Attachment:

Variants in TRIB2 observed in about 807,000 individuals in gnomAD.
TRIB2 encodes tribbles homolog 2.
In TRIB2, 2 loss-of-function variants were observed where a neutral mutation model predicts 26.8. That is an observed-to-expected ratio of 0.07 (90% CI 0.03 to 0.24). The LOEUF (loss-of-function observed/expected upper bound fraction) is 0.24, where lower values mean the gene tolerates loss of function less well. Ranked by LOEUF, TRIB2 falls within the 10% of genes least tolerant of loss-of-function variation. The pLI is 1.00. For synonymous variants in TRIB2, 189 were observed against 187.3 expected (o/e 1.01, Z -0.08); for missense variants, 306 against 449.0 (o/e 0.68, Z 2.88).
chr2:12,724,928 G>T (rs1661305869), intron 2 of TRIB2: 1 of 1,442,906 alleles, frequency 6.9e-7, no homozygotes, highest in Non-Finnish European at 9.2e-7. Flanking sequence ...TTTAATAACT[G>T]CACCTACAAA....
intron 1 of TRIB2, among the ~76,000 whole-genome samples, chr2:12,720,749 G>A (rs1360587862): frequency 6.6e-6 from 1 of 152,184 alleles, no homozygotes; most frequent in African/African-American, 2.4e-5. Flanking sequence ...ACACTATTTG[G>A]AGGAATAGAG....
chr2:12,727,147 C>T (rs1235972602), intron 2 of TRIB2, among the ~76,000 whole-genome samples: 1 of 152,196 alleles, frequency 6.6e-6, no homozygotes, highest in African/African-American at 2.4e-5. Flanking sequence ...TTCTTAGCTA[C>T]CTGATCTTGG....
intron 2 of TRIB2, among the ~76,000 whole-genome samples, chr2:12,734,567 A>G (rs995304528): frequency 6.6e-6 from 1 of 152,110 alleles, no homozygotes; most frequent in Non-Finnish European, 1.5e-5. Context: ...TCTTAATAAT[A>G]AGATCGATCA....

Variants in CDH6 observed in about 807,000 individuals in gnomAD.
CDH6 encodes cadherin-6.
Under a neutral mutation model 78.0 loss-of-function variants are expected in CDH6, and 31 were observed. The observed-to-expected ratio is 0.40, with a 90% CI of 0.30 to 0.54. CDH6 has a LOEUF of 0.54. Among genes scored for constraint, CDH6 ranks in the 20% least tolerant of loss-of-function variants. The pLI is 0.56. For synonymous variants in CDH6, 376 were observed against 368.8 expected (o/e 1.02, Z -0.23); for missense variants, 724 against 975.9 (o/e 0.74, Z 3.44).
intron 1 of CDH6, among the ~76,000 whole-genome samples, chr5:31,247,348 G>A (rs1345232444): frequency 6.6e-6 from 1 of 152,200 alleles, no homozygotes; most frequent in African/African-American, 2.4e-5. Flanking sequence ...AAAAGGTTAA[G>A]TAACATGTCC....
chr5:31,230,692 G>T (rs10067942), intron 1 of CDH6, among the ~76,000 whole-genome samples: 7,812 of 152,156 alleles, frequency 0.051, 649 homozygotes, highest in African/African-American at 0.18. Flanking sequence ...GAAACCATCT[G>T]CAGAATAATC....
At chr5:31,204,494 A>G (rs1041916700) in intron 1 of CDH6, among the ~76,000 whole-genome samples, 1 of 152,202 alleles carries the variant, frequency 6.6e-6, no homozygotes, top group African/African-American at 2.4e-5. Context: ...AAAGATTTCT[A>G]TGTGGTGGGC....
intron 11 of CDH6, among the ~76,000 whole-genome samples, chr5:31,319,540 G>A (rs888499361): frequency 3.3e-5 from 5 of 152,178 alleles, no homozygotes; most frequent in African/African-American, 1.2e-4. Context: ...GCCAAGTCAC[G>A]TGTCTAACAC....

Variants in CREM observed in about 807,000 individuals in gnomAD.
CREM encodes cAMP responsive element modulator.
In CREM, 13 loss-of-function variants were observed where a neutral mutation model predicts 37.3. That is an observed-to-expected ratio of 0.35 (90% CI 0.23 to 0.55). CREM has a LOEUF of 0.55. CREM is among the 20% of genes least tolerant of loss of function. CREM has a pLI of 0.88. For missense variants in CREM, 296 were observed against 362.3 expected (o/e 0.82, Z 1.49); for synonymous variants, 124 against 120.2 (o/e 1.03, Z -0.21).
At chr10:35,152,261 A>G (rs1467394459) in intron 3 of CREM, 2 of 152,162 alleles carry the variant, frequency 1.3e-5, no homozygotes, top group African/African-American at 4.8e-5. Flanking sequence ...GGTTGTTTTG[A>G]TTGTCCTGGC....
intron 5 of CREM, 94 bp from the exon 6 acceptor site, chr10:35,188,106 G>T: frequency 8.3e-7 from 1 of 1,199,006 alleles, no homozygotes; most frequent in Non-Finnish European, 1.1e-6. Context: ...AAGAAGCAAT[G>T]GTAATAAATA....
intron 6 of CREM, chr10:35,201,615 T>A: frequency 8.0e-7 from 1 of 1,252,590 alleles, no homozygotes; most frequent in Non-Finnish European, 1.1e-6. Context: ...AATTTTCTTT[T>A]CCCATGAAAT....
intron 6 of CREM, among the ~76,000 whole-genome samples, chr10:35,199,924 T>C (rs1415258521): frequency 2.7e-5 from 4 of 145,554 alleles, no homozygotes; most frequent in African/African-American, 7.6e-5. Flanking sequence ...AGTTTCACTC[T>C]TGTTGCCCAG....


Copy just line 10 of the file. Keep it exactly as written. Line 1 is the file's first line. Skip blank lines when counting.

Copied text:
Under a neutral mutation model 78.0 loss-of-function variants are expected in CDH6, and 31 were observed. The observed-to-expected ratio is 0.40, with a 90% CI of 0.30 to 0.54. CDH6 has a LOEUF of 0.54. Among genes scored for constraint, CDH6 ranks in the 20% least tolerant of loss-of-function variants. The pLI is 0.56. For synonymous variants in CDH6, 376 were observed against 368.8 expected (o/e 1.02, Z -0.23); for missense variants, 724 against 975.9 (o/e 0.74, Z 3.44).